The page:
Qualified Vs. Non-qualified Annuities

by Ciaran John ; Updated July 27, 2017

Investors purchase qualified annuity contracts with pre-tax earnings whereas non-qualified annuity contracts are bought with after-tax earnings. Funds inside an annuity contract grow tax-deferred, regardless of whether the premiums used to fund the contract consisted of qualified or non-qualified funds. Withdrawals from qualified and non-qualified accounts are taxed very differently.

Cost Basis

When you purchase an investment or asset, the Internal Revenue Service calls the purchase price you pay your cost basis. When you eventually sell that asset, you only have to pay taxes on the proceeds received from the sale that were in excess of your cost basis. Qualified annuities have no cost basis because premiums contain pre-tax earnings. Therefore the IRS assesses taxes on the entire balance of your annuity contract. On a non-qualified annuity, your cost basis equals your purchase premium so you only pay taxes on your withdrawals.

Withdrawal Method

When you make a withdrawal from a qualified annuity, the insurance company holding your funds does not have to specify whether funds being withdrawn are comprised of principal or interest since both are taxed in the same manner. However, on a non-qualified annuity the insurance company must specify whether the withdrawals consist of principal or interest. The IRS requires annuity companies to use a last-in-first-out method for making withdrawals. This means that when you make a withdrawal, you first receive your earnings that are fully taxable. After your earnings have been depleted, you receive payments comprised of your non-taxable premiums. However, if you annuitize your non-qualified annuity, which involves converting the lump sum into a lifetime income stream, the monthly payments are comprised of both principal and earnings.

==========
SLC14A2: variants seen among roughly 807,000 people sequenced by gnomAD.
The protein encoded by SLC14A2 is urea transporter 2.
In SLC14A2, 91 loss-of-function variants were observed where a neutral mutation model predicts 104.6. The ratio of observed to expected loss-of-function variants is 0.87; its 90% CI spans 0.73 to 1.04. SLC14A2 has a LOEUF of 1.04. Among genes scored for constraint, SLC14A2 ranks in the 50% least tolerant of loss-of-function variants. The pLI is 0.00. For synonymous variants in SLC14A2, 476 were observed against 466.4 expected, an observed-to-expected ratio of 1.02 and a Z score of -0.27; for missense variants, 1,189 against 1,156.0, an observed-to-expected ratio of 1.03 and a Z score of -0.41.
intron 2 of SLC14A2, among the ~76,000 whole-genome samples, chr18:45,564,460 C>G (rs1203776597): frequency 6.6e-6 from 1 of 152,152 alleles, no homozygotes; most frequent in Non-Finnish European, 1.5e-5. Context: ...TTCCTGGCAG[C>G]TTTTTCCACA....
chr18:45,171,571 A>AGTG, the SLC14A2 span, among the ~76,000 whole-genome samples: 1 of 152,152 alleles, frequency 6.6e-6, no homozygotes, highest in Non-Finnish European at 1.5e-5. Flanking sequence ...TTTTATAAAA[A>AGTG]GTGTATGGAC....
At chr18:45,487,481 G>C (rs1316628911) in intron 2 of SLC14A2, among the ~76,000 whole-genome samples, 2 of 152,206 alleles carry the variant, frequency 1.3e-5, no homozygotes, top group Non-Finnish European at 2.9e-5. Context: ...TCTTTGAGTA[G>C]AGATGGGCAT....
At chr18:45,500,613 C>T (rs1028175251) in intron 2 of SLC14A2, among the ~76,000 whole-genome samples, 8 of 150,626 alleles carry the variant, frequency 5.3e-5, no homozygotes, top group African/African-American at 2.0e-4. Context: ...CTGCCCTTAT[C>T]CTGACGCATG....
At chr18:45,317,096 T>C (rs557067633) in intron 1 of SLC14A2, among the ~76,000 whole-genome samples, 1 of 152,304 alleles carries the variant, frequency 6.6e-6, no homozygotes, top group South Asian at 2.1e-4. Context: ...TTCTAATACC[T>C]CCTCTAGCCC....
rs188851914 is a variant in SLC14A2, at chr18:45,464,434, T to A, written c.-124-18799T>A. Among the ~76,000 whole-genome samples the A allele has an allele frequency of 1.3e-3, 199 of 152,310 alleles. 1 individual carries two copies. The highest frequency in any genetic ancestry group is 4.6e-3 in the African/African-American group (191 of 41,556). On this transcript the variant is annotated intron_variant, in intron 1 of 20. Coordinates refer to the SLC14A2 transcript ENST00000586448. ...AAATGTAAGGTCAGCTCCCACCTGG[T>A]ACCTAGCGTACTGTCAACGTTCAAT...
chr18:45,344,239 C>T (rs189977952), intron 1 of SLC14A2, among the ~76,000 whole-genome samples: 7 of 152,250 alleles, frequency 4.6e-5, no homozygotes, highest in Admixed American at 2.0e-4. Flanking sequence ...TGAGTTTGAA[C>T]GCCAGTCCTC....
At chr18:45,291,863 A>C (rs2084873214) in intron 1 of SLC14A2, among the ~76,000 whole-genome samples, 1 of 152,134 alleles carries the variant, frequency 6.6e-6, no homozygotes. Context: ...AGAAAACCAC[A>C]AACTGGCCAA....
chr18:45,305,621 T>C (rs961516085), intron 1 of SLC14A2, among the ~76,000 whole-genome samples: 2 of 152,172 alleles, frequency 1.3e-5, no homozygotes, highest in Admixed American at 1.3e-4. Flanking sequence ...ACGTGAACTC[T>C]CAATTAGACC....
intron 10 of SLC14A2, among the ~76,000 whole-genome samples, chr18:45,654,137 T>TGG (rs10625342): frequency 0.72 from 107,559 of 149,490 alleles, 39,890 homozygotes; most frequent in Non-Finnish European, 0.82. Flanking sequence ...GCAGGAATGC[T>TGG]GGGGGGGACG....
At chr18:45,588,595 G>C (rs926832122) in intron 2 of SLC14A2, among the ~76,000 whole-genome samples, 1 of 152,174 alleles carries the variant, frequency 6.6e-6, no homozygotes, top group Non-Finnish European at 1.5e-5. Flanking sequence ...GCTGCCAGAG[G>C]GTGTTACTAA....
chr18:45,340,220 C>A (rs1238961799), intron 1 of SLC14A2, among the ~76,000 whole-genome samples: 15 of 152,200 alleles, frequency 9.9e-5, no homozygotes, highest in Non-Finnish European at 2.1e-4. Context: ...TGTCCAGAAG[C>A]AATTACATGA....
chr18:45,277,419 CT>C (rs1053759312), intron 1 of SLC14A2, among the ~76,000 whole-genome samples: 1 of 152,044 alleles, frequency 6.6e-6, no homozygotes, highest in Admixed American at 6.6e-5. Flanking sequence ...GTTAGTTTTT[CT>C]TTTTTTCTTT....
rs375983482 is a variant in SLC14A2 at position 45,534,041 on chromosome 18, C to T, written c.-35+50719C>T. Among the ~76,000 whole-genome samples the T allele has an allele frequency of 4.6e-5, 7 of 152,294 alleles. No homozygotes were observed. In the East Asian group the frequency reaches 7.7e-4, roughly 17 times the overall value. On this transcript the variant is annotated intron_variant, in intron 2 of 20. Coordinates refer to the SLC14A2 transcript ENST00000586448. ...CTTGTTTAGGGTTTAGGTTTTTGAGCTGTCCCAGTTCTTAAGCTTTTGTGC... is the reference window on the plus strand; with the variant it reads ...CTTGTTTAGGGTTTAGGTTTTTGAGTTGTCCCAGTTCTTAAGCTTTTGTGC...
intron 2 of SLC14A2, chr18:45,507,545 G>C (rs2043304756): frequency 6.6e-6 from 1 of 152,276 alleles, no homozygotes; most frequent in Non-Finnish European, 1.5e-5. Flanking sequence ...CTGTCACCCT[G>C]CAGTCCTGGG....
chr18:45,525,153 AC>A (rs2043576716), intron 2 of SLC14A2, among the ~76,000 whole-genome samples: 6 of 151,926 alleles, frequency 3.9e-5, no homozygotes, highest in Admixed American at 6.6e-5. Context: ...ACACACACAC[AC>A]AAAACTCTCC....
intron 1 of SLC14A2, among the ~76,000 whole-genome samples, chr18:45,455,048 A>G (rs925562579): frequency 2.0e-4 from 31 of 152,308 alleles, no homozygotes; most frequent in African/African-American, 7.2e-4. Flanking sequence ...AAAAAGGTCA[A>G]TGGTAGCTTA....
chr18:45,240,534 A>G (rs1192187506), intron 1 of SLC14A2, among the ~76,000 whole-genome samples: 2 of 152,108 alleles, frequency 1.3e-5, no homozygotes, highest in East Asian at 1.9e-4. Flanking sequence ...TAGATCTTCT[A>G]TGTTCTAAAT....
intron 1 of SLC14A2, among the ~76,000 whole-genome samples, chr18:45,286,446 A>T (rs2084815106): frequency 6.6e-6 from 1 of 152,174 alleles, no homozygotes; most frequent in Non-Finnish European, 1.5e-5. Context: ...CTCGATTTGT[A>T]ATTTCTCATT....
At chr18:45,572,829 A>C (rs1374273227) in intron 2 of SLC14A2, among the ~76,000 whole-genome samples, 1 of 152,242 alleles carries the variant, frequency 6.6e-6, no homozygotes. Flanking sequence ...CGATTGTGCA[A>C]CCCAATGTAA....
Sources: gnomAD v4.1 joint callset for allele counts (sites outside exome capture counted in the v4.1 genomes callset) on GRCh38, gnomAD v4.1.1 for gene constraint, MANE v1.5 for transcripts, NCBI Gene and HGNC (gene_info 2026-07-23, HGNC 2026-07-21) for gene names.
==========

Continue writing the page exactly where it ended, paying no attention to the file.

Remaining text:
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Step-up Cost Basis

When an investor dies, his assets pass to his heirs, and the IRS uses a "stepped-up" cost basis to tax those funds. This means the person inheriting the funds pays taxes using the value of the asset at the time of the original owner's death as the cost basis as opposed to the premium paid by the owner. The stepped-up cost basis rule applies to most investments, except for annuities. If you inherit a qualified or non-qualified annuity, you do not benefit from a cost basis step-up.

Other Considerations

If you make a withdrawal from a qualified annuity prior to age 59-1/2, you must pay a 10 percent tax penalty as well as the ordinary income taxes due on the withdrawal amount. If you access a non-qualified annuity prior to age 59-1/2, you only pay the 10 percent tax penalty on earnings and not principal. Non-qualified annuities offer tax advantages because investors can start earning tax-deferred funds on money that previously was considered taxable. Qualified annuities have the same tax benefits as other retirement accounts but offer no additional benefits to people whose funds are already tax-deferred.

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